Over on my Facebook page, my friends Qristina Cummings and Judy Goodman initiated an interesting conversation from the prompt of my posting an article on writing by Kurt Vonnegut from the Brain Pickings blog.
I thought I’d excerpt that conversation today to maybe gin up some juice for all our writing. I’m working on a character so flawed that she is a trial but also a joy to write; she is an amnesiac stroke victim who wandered out of a hospital and is now living in the streets in a tight little neighborhood business district in Chicago’s Northwest Side. So as I write she and we are sorting out what is her real personality and what is imposed on her by the effects of stroke. I won’t ruin the surprise, but she herself is amazed by what she discovers about her past self and her chances now to leave that life behind.
But Judy and Qristina have some intersting concerns and observations about writing characters who are flawed enough to be interesting. Herewith:
*Beginning of Facebook conversation*
Glenda Bailey-Mershon pinned to a board on Pinterest (which transferred to my Facebook page.)
December 25 at 4:57am · Pinterest ·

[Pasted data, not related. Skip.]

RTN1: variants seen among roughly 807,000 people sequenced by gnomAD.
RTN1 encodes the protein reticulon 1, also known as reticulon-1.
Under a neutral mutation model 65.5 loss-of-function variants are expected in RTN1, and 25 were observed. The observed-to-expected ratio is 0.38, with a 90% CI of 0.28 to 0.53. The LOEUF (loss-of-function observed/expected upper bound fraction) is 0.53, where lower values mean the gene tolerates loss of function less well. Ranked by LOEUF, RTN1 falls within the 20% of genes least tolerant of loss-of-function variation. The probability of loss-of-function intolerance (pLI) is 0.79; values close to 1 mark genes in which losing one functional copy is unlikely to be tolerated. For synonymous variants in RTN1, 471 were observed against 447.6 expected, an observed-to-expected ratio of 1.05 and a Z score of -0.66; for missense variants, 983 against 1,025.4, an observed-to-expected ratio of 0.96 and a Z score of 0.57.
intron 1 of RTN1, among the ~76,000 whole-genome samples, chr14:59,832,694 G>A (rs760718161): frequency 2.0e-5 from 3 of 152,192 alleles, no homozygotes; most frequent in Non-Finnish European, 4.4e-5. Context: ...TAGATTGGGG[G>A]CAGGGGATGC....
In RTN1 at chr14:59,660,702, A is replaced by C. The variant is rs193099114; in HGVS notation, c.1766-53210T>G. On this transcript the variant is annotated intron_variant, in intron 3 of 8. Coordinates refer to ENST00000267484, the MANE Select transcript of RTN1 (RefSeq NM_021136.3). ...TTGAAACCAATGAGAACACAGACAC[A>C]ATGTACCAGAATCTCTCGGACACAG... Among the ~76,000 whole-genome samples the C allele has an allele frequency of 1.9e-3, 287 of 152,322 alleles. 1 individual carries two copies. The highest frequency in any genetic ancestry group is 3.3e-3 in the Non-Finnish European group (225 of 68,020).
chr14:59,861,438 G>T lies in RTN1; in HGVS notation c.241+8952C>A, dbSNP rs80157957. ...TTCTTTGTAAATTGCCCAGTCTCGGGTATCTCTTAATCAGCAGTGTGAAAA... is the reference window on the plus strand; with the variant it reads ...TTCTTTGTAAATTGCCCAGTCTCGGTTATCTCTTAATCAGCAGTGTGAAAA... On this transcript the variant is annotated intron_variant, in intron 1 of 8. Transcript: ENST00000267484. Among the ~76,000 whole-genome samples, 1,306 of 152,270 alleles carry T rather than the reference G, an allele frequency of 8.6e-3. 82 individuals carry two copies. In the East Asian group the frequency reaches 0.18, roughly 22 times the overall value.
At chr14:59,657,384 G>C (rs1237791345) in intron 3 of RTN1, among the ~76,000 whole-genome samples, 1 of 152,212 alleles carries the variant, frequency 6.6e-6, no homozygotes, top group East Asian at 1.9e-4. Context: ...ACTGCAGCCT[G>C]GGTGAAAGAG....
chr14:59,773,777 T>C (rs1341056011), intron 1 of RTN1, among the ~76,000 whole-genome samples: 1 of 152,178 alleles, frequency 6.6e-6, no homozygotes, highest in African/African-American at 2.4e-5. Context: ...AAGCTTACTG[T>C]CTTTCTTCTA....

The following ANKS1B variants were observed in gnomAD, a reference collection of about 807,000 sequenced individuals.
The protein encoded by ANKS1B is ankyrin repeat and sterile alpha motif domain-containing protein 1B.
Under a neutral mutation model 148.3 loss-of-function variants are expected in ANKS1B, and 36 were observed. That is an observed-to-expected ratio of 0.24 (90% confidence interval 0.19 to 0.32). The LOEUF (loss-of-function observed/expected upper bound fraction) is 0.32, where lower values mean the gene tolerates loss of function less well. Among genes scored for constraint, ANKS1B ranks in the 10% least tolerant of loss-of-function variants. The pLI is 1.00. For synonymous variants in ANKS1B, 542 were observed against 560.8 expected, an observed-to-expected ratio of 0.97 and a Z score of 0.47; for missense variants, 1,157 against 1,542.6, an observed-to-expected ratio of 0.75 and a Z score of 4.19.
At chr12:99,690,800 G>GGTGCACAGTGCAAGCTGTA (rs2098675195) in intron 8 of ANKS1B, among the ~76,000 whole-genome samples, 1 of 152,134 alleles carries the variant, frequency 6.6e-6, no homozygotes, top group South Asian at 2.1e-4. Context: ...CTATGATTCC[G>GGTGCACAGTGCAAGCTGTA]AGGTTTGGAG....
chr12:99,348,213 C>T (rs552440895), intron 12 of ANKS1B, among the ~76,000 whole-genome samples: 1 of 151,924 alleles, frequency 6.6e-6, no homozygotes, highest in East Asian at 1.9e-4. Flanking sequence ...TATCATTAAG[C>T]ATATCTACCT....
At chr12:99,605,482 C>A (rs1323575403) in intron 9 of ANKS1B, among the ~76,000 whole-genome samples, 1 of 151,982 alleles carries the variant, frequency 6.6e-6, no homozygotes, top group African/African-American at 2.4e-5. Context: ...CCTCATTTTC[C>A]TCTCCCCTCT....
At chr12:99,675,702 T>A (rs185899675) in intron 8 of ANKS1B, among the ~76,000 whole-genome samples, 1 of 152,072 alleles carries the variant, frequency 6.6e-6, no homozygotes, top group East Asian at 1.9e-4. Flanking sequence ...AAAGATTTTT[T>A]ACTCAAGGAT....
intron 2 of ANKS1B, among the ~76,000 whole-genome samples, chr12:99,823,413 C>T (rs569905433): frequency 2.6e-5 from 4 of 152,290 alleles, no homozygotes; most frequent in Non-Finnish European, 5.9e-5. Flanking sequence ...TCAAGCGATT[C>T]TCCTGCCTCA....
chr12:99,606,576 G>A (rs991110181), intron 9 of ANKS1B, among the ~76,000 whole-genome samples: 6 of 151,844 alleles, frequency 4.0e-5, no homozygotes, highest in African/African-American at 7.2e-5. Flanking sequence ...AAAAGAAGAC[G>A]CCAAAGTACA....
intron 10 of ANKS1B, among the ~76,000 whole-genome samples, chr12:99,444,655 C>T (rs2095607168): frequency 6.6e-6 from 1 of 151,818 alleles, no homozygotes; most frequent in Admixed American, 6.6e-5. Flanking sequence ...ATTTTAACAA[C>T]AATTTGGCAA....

How to Write with Style: Kurt Vonnegut’s 8 Keys to the Power of the Written Word
Judy Goodman Hardest task: NOT to make perfect characters — even though it’s obvious that nonperfect characters seem to deserve to succeed more than the perfect ones.
Glenda Bailey-Mershon Well, everyone has to have some room for improvement. Who wants to read about perfect people, anyway. I love giving them flaws that are fixable–and then making sure they don’t fix them all.
Judy Goodman I’m noticing as I write this recent one that the main characters really do have flaws, but they still seem perfect to me. Maybe, I’m just too accepting. [Of course, maybe I’m just not willing to admit my own quirks are flaws! *)]
Qristina Zavačková Cummings It’s hard when writing about real people you looked up to and respected. My grandmother was perfect. Except she wasn’t… And it’s hard to keep that balance to keep her “real”.
Judy Goodman They are so often “perfect” to us despite their faults, I am always hesitant to write about family and old friends.
Glenda Bailey-Mershon To me, the small imperfections are what make people perfect–what gives them their flavor and vigor, their uniqueness.
Glenda Bailey-Mershon Would you two mind if I excerpted this conversation to my blog so that others can join in?
*End Facebook conversation*
I was interested to find this list of TV tropes concerning character flaws. We’ll all recognize them because we’ve been watching them most, if not all, our lives.
What if you put the Crazy Cat Lady Together with the Crime Magnet?
What are the flaws in your character–the ones on the page, that is? Have you put them in situations that will force them to deal with their flaws?
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